By Andrew Restuccia - 12/27/11 04:31 PM EST
The wind industry sounded an optimistic note Tuesday about the prospects of extending a key tax credit next year, pinning its hopes on legislation that has won bipartisan backing in the House.
“The year is wrapping without the all-important extension of the federal
Production Tax Credit (PTC), wind power’s primary policy driver, which
expires at the end of 2012,” the American Wind Energy Association, the wind industry's trade group, said Tuesday in a statement. “But the
PTC movement gathered momentum heading into next year.”
The industry says an extension of the production tax credit, which provides a credit for each kilowatt-hour of electricity that is produced, is essential for wind power to flourish.
AWEA touted House legislation to extend the tax credit by four years, sponsored by Reps. Dave ReichertDavid ReichertLawmakers, small businesses praise employee stock ownership plans Bipartisan group of House lawmakers introduces tariff bill Business ups pressure for tariff relief MORE (R-Wash.) and Earl BlumenauerEarl BlumenauerLawmakers urge Obama not to send shoulder-fired missiles to Syria Poll: Doctors find barriers to end-of-life talks House to vote on six IRS bills next week MORE (D-Ore.). The bill has the support of 25 Democrats and 11 Republicans.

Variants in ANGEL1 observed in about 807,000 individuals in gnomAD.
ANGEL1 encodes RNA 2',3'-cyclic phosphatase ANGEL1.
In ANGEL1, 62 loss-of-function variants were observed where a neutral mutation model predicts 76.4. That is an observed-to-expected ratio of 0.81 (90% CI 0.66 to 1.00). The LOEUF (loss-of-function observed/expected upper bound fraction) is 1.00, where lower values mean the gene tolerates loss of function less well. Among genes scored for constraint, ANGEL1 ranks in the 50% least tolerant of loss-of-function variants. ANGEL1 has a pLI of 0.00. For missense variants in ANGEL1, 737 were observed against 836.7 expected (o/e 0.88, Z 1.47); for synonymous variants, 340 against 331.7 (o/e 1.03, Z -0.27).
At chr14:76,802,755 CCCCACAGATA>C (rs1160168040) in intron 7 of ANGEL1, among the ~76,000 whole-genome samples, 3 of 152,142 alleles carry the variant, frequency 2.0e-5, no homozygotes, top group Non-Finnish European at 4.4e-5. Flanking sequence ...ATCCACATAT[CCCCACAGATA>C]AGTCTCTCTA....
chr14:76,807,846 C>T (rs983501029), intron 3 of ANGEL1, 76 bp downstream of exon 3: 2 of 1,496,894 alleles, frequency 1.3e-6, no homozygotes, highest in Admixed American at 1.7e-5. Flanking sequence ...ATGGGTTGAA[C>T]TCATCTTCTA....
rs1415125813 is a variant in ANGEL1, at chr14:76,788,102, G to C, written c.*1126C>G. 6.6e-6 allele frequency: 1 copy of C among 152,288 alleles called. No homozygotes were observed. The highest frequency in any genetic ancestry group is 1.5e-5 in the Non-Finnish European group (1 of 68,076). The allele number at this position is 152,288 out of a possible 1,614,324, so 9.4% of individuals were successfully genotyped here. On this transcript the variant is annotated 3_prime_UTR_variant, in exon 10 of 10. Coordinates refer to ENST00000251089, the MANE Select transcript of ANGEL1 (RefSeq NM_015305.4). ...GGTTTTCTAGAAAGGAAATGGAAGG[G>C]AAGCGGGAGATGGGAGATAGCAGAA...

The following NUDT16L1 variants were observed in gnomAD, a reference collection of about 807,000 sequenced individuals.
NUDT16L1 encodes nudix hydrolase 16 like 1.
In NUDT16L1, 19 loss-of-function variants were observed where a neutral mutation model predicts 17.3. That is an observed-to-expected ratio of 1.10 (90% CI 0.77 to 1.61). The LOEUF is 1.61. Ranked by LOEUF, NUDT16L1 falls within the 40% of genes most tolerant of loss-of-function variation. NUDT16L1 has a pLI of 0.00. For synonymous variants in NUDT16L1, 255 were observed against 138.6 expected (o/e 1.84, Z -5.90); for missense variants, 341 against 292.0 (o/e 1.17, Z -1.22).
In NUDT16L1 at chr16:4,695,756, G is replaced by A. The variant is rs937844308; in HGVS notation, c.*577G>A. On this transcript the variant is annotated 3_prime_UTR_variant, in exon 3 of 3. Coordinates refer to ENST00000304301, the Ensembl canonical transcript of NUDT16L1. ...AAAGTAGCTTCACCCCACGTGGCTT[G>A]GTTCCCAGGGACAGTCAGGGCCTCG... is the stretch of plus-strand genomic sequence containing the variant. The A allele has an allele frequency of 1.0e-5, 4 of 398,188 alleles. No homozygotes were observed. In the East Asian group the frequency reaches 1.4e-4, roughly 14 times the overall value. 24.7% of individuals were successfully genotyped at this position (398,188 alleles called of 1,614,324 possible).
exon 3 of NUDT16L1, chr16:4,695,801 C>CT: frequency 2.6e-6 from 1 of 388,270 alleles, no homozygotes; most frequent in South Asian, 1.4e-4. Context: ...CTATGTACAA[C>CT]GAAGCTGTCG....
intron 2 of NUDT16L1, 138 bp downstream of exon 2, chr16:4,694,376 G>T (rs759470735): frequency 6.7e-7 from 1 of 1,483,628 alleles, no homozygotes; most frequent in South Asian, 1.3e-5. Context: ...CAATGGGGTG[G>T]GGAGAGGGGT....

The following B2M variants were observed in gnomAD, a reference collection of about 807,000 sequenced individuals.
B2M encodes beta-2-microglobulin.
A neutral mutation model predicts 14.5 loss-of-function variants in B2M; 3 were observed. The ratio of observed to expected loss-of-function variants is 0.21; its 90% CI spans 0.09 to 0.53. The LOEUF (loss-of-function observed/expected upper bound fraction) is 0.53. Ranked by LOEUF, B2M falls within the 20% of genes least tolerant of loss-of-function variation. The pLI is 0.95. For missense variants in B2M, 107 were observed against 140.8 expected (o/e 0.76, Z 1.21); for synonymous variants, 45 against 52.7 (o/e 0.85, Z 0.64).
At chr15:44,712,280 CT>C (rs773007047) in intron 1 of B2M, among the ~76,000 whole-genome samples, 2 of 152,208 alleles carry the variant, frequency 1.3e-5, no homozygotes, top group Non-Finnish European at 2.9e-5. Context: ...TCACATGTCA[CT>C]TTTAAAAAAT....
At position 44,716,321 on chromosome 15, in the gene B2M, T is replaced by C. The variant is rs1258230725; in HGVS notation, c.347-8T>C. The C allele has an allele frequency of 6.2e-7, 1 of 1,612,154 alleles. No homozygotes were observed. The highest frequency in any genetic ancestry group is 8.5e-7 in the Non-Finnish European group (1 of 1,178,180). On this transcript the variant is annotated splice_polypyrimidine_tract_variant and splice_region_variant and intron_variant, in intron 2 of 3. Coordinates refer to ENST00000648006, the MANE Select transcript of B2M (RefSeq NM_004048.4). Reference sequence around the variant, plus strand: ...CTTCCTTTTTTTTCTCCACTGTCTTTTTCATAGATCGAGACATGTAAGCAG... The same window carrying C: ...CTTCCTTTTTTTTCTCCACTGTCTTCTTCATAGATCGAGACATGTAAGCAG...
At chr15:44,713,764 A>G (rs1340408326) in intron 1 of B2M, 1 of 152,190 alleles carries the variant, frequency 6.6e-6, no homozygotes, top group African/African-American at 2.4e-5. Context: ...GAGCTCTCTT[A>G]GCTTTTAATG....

“The clock is ticking, business decisions are being made and some damage is certain,” AWEA CEO Denise Bode said in a statement earlier this month. “However, when Congress addresses extenders next year, we are very confident that continuing the wind manufacturing success story will be a prominent objective.”
A study commissioned by AWEA released earlier this month says that expiration of the production tax credit could cost as many as 37,000 jobs.
“American manufacturing jobs are coming back, with tens of thousands of new jobs from wind power,” Bode said. "But these jobs could vanish if Congress allows the Production Tax Credit to expire, in effect enacting a targeted tax increase, and sending our jobs to foreign countries."
AWEA said Tuesday that 2011 was a banner year for wind energy, citing lower costs and growing penetration of the renewable energy source in key states. Iowa and South Dakota now get 20 percent of their electricity from wind, and the cost of wind turbines has decreased by as much as 33 percent since 2008, the group said.